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Just a thought.. Does shopping as a therapy help with depression?

Does shopping as a therapy help with depression? Studies say yes!

Whilst I was shopping in the mall this weekend, I heard two women conversing in the trial room about how one of them was feeling so much better emotionally, just by being around clothes and bags. She went on to joke about how it’s cheaper visiting her psychologist. Guilty for eavesdropping, but I couldn’t help but wonder if shopping for therapy actually exist! Does retail therapy really work?

A research study conducted by Journal of Epidemiology and community health concluded that regular shopping is connected to longer life spans. Elders who shopped regularly had 27% less risk of death than less frequent shoppers. In another study conducted by University of Michigan, it was inferred that shopping restored a sense of control in people to counter feelings of sadness. In fact, shopping was up to 40 times more effective at empowering people with decision making and taking control.

The science behind this is that, shopping mirrors the state of vacation in our minds. It’s a relatively mindless,

relaxing activity just like a holiday. It is a mini vacation for some people, without the hustle of packing and travelling. It gives them a much need break out of the situation. The colors, creativity of the designers and aesthetics of the place is known to increase dopamine hormone or commonly known as the happy hormone.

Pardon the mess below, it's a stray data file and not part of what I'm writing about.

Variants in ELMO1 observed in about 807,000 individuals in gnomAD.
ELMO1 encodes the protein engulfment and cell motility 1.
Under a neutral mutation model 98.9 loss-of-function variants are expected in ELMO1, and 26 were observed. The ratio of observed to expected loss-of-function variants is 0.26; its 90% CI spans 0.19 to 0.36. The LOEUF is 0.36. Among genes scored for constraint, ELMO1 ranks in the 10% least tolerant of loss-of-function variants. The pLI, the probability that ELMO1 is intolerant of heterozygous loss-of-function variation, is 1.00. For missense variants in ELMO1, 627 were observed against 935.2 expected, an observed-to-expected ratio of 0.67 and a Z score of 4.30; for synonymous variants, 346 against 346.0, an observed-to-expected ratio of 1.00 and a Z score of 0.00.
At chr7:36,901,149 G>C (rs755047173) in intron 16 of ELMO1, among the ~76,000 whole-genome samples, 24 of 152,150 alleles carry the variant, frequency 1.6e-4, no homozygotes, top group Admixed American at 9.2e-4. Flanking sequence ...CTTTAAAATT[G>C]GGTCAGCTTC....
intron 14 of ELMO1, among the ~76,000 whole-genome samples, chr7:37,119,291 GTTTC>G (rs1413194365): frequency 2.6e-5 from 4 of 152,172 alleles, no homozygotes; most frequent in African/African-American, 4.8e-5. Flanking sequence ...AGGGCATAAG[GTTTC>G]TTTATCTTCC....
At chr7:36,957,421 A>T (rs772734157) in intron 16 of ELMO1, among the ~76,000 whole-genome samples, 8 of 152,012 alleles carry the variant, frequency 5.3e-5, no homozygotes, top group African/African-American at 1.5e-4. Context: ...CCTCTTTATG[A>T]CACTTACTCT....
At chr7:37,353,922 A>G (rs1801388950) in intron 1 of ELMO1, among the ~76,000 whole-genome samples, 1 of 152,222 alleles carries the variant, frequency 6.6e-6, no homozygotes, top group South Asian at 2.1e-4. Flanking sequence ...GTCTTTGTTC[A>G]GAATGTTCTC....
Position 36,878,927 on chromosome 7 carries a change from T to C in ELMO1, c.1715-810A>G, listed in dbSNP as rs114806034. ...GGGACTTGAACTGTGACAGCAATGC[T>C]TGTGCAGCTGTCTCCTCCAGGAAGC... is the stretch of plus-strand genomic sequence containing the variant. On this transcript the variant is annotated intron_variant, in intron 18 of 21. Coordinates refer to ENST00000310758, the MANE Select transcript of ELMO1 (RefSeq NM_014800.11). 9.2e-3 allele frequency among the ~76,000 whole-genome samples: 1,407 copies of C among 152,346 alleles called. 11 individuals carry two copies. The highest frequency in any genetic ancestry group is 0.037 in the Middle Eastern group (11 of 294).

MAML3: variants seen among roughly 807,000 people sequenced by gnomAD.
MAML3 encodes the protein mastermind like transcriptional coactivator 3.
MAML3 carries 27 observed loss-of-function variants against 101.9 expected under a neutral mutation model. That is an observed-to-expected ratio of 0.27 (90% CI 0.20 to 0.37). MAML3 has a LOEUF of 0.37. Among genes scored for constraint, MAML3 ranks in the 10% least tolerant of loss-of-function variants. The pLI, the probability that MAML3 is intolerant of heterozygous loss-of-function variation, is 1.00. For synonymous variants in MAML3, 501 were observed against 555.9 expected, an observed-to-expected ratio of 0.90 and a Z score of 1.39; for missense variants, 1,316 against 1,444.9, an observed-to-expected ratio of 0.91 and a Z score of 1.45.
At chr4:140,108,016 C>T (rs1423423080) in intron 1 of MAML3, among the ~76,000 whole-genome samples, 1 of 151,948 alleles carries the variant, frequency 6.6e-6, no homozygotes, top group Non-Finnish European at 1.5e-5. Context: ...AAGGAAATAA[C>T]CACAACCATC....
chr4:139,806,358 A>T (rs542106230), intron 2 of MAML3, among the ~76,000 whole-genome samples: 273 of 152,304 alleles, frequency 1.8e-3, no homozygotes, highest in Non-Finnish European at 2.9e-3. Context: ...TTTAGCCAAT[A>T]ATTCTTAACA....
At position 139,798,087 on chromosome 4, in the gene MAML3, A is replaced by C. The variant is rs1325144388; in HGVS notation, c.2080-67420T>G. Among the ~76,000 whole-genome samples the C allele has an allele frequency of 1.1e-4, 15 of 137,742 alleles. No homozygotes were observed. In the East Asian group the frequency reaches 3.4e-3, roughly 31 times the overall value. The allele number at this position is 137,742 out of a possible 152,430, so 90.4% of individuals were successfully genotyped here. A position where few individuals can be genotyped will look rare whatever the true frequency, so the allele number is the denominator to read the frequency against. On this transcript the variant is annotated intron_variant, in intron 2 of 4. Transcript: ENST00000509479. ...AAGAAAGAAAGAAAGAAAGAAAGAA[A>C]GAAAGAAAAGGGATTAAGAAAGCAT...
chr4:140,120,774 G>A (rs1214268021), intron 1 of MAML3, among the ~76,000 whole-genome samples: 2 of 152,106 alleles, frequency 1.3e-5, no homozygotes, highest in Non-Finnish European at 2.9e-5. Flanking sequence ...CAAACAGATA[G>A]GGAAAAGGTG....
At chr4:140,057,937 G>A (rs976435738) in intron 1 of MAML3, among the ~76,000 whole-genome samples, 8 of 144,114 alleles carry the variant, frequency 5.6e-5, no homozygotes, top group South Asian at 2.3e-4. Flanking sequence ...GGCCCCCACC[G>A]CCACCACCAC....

So enjoy those shopping moments to decrease depression and stress levels (whilst being in control of your credit cards and budgets of course). However, it is worthy to note that this is not a permanent solution. Although most studies stated that shopping does make one feel better, they also concluded that the happy feeling doesn’t last very long. The therapeutic effects of visiting a counsellor and accomplishing your personal goals fares far better than retail therapy

Authors Bio


Dr. Divya Madhusudhan is the founder of ‘Hear Your Mind’, an organisation that aims to initiate conversations around mental health. She is a recipient of the prestigious Commonwealth Award and Entrepreneurship for Good Fellow. Having worked in an array of health sectors, she draws in on her wide professional and personal experience. You can connect with Divya via Twitter

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